You've no idea how difficult this is to write. After a lot of soul-searching, I decided the only way I could truly express myself and exorcise myself of the brutal demons which torture me is to put everything down on paper (well, on a computer screen and keyboard -- forgive me my artistic licence, but I have a certain image I want to conjure up) and tell you just how I truly feel, how your behaviour has affected me and, purely coincidentally, get loads of people to read it and take sides, whether they realise it or not.
Open letters are the perfect way of reaching audiences traditionally hard to reach: missing children, drug addicts, the Queen, pop stars, world-famous television personalities, and celebrity chefs. They can lend volume to debates which would otherwise never be heard, from often suppressed voices, on the subjects which really matter: healthcare reform, racism, homophobia, calling someone a skank on a TV show or having someone say you're fat and adulterous.
That they're talked about in newspapers and shared on social media is just a happy accident; what really matters is getting something off your chest. With phones so hard to come by and email all but redundant, given that only the intended recipient gets to see it and not half of Twitter, the open letter is the old friend to the exhibitionist, and I am honoured to be writing one right now, to you, knowing the huge effect it will absolutely not have in any way at all. Zero.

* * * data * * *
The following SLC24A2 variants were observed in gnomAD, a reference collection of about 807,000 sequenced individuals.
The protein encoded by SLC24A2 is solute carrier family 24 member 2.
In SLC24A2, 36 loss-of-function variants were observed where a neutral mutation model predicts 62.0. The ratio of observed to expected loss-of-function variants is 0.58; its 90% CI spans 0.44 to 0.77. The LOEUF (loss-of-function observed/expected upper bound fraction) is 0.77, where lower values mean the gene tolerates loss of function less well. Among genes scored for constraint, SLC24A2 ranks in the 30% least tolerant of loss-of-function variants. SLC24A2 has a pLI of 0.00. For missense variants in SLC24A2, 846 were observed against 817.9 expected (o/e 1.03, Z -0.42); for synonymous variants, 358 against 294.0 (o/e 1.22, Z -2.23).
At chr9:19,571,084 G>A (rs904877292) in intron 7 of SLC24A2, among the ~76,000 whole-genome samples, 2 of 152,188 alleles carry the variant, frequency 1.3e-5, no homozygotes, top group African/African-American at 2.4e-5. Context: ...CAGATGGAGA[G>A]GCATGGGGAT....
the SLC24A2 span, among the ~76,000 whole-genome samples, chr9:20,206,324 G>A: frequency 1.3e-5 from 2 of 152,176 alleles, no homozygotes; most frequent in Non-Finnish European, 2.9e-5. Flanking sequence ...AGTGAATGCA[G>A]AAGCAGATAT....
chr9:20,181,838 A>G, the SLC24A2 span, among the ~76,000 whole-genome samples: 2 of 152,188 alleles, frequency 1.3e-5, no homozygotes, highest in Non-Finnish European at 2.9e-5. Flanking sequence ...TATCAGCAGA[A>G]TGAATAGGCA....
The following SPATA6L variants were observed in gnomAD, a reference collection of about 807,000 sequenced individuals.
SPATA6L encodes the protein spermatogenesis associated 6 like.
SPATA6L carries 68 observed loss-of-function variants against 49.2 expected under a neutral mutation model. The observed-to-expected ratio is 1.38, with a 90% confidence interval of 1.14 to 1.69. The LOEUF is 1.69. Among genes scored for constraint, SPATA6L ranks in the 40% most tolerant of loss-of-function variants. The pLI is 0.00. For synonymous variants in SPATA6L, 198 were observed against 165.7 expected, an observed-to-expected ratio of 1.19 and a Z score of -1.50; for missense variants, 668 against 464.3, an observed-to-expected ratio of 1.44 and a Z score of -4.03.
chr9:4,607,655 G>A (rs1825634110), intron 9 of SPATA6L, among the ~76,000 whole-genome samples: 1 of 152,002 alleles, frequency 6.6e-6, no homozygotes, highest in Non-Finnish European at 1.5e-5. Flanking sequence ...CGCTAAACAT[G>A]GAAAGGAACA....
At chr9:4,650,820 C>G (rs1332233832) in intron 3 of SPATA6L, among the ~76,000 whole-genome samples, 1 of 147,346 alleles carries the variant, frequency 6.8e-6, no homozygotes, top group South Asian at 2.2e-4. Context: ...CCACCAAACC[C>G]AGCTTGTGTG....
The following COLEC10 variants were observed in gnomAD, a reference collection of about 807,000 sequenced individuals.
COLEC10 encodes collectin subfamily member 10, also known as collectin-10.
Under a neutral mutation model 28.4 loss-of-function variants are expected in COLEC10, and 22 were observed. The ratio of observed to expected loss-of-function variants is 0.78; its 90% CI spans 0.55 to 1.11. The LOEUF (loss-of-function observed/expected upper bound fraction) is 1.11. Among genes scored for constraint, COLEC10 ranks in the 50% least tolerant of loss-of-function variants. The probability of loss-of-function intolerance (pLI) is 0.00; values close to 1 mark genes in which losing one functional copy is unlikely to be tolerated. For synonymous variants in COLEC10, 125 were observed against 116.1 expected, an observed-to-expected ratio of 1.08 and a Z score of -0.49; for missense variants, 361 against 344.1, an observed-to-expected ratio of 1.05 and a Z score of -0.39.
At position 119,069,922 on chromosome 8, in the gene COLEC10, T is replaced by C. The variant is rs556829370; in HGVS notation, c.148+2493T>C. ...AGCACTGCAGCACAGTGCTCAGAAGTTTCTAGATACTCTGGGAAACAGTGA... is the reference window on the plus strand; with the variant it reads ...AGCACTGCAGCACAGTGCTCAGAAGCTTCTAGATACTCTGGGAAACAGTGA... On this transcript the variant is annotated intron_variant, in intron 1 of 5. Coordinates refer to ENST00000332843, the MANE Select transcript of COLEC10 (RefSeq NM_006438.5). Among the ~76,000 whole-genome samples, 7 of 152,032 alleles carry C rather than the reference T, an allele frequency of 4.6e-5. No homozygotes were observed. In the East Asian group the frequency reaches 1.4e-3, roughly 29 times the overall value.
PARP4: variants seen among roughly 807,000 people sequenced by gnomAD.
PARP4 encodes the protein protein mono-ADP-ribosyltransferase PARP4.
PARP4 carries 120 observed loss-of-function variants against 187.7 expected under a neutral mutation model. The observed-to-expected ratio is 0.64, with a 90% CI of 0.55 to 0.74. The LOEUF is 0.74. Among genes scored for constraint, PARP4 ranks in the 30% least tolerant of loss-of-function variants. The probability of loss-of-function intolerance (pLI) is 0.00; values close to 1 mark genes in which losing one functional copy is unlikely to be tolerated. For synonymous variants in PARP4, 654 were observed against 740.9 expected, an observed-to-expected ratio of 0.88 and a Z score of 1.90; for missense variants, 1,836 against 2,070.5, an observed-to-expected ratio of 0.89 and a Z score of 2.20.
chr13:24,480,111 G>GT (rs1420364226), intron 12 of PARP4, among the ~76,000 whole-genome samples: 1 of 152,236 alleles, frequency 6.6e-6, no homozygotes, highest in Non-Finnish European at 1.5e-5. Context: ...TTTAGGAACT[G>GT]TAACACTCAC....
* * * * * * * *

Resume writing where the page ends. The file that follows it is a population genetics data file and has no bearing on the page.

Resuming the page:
While I know I'll get even more attention if I use emotive language - and I am crying burning tears of shame, regret and lost love as I write this - I will not. I will resist telling you how much I agonised over what to say, praying to no God in particular for the strength to make it through this, to tell you what you need to know.
If it weren't for the recent inspiring chain of open letter correspondence between two of our most publicity-shy celebrities, Lady Gaga and Sharon Osbourne. Both make their points splendidly well - the writing one's feelings in an open article leaving little room for playground tactics or fake superiority.
It makes me long for a day when we can all live this way; no more hysterical emails, abusive texts or screaming matches in nightclubs or supermarkets. We should all carry a laptop or tablet with us, and at the first sign of confrontation, put our fingers to one another's lips and withdraw to our screen, frantically typing out our hurt and our anger.
Not forgetting that final flourish, the climactic paragraph of patronising well-wishing, aching regret, before signing it and publishing it to as many blogging services ad social media accounts as our shaky public wifi signal will allow.
Or for the traditionalists, carry a jotter and fountain pen and scribble your missive, before dropping it at your target's feet (but not until you've scanned it and photocopied it and thrown it up on Facebook and Pinterest).
Sure, open letters have their uses and can inspire social change, but let's be honest with ourselves here. Most of the time they're just an excuse to get a little bit of attention from the wider public, a vanity project. The literary equivalent of flinging yourself out of a window at a close friend's wedding because everyone else has a better outfit than you.
Now I've had the chance to share this deeply personal matter with the world, I want to implore you to change. Resist the temptation to compromise your privacy. Don't fall into the trap of feeling a discussion has no merit unless the rest of the world is watching it with one hand on their popcorn and the other on the 'share' button.
But most of all don't ever stop being you, the real you - the person we know is still there underneath. Just be true to that person and do what you need to do to make it happen. Well, apart from the 'writing open letters' thing. You should probably knock that on the head.